Policy owner: General Manager Better Regulation

Policy approved by: WorkSafe New Zealand Board

Policy amended: February 2018

Next review date: November 2018

Distribution: This policy will be published on the WorkSafe website

Safe work instruments - Regulatory function policy (PDF 86 KB)

Introduction and purpose

This policy outlines at a high level how WorkSafe will develop safe work instruments (SWI) to support the achievement of improved health and safety outcomes. This includes the Government’s targets of a 25 percent reduction in workplace fatalities and serious injuries by 2020; a 50 percent reduction in the incidence of pleural cancer (mesothelioma), asbestos related lung cancer and asbestosis by 2040; and zero catastrophic events.

The policy outlines the approach that WorkSafe will take in the development of SWI, including guiding decisions as to which SWI should be developed and how they should be prioritised.


The WorkSafe New Zealand Act 2013 gives WorkSafe the function of developing SWI. The Health and Safety at Work Act 2015 (HSWA) allows SWI to be made for the purposes of prescribing rules, standards and methods for managing workplace risk. SWI have legal effect only where they are referred to in regulations. The HSWA defines the purposes of SWI as:

to define terms, prescribe matters, or make other provision in relation to any activity or thing, including (without limitation) listing standards, control of substances, and competency requirements.

SWI are essentially rules which are enforceable by WorkSafe. They allow for greater flexibility and timelier up-dates to the regulatory framework, reflecting changes in technology, standards and health and safety practice.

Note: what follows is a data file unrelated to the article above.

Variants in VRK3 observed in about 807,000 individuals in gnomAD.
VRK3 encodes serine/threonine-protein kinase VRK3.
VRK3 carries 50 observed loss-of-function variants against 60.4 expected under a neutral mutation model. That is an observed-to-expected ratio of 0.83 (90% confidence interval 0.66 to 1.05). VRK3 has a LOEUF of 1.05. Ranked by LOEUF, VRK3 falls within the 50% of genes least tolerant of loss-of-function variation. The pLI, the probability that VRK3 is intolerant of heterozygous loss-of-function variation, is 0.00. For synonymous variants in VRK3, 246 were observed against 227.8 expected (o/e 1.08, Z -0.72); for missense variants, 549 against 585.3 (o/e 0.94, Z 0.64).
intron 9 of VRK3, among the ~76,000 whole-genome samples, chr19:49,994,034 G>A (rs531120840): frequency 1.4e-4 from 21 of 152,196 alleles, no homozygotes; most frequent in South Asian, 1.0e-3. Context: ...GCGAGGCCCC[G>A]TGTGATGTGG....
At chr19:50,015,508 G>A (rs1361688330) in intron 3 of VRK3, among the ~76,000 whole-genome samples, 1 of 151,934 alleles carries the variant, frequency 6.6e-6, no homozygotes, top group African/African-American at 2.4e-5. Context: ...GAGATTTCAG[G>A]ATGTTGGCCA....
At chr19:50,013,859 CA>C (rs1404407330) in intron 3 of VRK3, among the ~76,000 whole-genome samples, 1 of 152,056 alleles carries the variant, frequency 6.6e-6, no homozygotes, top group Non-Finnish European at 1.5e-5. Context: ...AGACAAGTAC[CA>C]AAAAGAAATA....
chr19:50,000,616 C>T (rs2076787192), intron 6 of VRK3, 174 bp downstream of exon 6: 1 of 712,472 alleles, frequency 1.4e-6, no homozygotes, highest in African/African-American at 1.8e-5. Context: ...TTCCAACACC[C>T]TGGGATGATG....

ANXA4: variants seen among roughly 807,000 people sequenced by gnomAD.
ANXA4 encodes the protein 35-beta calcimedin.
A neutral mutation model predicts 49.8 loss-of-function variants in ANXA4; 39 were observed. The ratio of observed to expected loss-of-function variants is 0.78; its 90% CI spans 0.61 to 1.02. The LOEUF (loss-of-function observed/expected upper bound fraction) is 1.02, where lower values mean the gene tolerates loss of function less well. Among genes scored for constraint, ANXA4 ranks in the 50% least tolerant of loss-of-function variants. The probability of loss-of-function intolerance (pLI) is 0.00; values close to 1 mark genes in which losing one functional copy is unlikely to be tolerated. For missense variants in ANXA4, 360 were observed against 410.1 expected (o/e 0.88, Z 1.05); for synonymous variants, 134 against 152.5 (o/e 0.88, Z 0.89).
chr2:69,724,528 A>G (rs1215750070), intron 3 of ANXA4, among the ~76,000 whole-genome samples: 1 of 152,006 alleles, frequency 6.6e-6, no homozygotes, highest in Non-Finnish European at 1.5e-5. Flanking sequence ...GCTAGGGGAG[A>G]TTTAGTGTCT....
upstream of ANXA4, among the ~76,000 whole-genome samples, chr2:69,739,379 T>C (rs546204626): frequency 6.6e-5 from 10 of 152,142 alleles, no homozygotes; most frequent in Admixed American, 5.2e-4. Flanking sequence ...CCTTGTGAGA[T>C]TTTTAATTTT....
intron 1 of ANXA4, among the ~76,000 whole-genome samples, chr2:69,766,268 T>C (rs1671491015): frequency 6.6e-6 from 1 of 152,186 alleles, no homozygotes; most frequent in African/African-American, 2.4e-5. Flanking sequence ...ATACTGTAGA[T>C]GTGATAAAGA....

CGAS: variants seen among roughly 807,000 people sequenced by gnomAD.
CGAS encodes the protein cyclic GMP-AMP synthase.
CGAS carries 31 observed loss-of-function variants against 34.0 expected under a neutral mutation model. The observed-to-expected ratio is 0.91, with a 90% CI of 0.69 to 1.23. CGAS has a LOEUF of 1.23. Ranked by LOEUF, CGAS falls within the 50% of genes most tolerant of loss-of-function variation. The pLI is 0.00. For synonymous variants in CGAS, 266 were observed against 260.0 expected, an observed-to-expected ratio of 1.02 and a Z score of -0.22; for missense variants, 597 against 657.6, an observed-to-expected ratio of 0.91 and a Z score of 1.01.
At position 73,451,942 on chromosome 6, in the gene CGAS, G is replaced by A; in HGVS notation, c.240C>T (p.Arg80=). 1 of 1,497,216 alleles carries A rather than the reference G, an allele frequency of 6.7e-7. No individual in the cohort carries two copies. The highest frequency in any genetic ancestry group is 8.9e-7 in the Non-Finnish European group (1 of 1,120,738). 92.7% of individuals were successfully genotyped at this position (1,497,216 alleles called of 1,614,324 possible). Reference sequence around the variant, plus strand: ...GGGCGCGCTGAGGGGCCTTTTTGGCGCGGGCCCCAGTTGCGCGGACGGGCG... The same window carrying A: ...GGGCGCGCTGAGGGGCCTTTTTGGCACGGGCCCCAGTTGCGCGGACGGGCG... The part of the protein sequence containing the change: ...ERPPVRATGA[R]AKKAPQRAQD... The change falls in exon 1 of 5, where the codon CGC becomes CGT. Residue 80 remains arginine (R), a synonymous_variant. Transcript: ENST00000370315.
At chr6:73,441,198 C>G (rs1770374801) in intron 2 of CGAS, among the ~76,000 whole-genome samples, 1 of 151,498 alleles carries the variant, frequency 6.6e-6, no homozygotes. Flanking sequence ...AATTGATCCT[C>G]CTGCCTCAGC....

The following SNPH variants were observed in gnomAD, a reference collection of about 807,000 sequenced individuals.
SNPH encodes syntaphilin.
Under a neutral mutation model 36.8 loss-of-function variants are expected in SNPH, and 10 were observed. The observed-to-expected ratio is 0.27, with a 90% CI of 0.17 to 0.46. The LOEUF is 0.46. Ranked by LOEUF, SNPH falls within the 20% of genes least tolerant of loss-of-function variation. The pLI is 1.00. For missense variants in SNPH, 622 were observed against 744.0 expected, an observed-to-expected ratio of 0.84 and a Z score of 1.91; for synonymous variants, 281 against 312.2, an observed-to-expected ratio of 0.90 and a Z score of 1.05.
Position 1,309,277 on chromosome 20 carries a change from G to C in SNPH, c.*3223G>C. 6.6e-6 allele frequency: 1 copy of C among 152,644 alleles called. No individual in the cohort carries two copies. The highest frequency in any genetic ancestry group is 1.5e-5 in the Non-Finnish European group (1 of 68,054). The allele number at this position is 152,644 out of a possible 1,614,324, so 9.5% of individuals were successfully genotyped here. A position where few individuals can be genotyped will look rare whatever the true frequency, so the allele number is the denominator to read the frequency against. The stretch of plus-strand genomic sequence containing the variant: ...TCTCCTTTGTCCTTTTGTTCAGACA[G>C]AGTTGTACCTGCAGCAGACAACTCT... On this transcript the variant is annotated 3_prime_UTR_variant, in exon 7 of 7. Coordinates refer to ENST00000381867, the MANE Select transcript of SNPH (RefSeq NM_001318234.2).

New SWI and amendments to existing SWI must be approved by the Minister for Workplace Relations and Safety (the Minister). In approving an SWI, the Minister must be satisfied that all appropriate persons and organisations have been adequately consulted in its development.

Consultation is not required if the Minister is satisfied that the amendment is minor or technical.

As soon as possible after a SWI is made, the Minister must notify it in the Gazetteand ensure it is available free of charge on the internet and for purchase in hard copy at a reasonable charge.

SWI are a disallowable instrument for the purposes of the Legislation Act 2012. This means they can be disallowed by resolution of the House of Representatives (ie Parliament). If this occurs,  a SWI ceases to have any legal effect. The House of Representatives may also amend a SWI or replace it with another instrument.

Because they are a disallowable instrument, it is important that SWI be developed and made  in accordance with their enabling legislation and that the SWI development process is rigorous and transparent.

Criteria for developing safe work instruments

WorkSafe will only develop SWI where they will have legal effect; that is where they are referred to in regulations. Some of the SWI referenced in regulations will need to be made for the regulatory regime to function or for the regulations to have their intended effect. For example,  a SWI may be necessary for duty holders to be able to comply with the regulations or to make the regulations enforceable by WorkSafe. In many cases, however, WorkSafe will need to exercise discretion as to whether the development of a SWI is a necessary and worthwhile intervention.

Following good regulatory practice, decisions to make a SWI will be guided by an evidence- based assessment of the need for regulation and whether the proposed SWI will be effective  in addressing the health and safety risk it seeks to address. This will be assessed using credible, robust evidence and/or operational intelligence, as far as possible. SWI may also be supported by additional, non-legislative interventions, such as targeted enforcement activity and educational and/or engagement interventions. We will also be satisfied that the costs for duty holders imposed by an SWI are not disproportionate to the health and safety risk it seeks to address.

WorkSafe’s development of SWI will be guided by our priorities and targets, especially with respect to work related health. This focus is informed by the HSWA regulations, which reference SWI particularly where they may be developed to address work-related health risks.

WorkSafe will develop SWI to target health and safety risk and where they advance the purpose of HSWA. In doing so, we will work from the principle that ‘workers and other persons should be given the highest level of protection against harm to their health, safety and welfare from hazards and risks arising from work…as is reasonably practicable’ (section 3 of HSWA).